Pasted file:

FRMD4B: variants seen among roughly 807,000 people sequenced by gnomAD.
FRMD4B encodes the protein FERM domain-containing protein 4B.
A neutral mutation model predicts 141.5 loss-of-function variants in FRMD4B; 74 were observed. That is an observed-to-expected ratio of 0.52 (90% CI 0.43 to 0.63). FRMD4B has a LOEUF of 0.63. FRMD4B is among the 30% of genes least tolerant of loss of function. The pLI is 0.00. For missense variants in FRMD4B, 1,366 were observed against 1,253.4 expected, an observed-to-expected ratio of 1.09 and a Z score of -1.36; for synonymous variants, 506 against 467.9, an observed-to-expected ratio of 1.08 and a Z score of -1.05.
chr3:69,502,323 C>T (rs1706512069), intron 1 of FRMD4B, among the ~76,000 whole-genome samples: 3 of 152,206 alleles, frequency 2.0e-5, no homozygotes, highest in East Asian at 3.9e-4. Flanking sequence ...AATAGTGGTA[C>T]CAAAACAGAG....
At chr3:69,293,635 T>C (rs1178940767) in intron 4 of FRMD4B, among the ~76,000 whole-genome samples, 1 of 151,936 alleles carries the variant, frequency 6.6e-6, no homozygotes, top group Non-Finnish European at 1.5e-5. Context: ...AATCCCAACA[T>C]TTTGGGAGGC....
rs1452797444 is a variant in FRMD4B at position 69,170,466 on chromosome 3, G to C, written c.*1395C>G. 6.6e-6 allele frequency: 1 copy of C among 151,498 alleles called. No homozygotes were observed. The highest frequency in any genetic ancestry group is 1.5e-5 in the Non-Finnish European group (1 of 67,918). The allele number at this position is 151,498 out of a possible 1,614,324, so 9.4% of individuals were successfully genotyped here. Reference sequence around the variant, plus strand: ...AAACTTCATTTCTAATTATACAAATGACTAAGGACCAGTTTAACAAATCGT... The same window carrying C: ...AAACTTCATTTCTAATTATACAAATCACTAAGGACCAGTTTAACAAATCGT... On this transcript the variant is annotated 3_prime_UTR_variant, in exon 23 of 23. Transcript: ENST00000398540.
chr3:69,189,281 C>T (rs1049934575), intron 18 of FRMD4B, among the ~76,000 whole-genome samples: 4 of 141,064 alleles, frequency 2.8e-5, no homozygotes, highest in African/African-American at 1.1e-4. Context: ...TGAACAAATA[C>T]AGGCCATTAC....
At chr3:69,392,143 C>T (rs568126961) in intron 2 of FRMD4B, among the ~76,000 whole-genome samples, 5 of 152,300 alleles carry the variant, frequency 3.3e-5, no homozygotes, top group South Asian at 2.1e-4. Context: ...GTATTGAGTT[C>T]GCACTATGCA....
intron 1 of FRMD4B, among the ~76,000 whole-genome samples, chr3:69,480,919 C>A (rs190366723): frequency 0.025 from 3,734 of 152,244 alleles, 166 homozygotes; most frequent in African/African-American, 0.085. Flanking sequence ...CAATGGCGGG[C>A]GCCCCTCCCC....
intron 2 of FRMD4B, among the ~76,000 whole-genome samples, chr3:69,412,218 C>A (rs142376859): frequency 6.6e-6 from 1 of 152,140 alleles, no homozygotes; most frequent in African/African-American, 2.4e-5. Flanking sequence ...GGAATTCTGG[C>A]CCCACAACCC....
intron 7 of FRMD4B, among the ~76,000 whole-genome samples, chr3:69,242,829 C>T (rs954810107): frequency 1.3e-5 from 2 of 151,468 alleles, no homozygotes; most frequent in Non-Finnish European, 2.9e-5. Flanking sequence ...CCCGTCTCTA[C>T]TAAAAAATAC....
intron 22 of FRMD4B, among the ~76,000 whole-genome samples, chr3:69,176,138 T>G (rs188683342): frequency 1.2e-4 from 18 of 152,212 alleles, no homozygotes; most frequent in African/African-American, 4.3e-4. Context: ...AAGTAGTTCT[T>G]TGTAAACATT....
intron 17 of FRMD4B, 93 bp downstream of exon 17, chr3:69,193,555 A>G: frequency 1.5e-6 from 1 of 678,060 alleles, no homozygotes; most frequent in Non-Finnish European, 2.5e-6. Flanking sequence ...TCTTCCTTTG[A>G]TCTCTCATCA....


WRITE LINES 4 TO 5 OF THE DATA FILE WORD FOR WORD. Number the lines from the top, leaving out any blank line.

chr3:69,502,323 C>T (rs1706512069), intron 1 of FRMD4B, among the ~76,000 whole-genome samples: 3 of 152,206 alleles, frequency 2.0e-5, no homozygotes, highest in East Asian at 3.9e-4. Flanking sequence ...AATAGTGGTA[C>T]CAAAACAGAG....
At chr3:69,293,635 T>C (rs1178940767) in intron 4 of FRMD4B, among the ~76,000 whole-genome samples, 1 of 151,936 alleles carries the variant, frequency 6.6e-6, no homozygotes, top group Non-Finnish European at 1.5e-5. Context: ...AATCCCAACA[T>C]TTTGGGAGGC....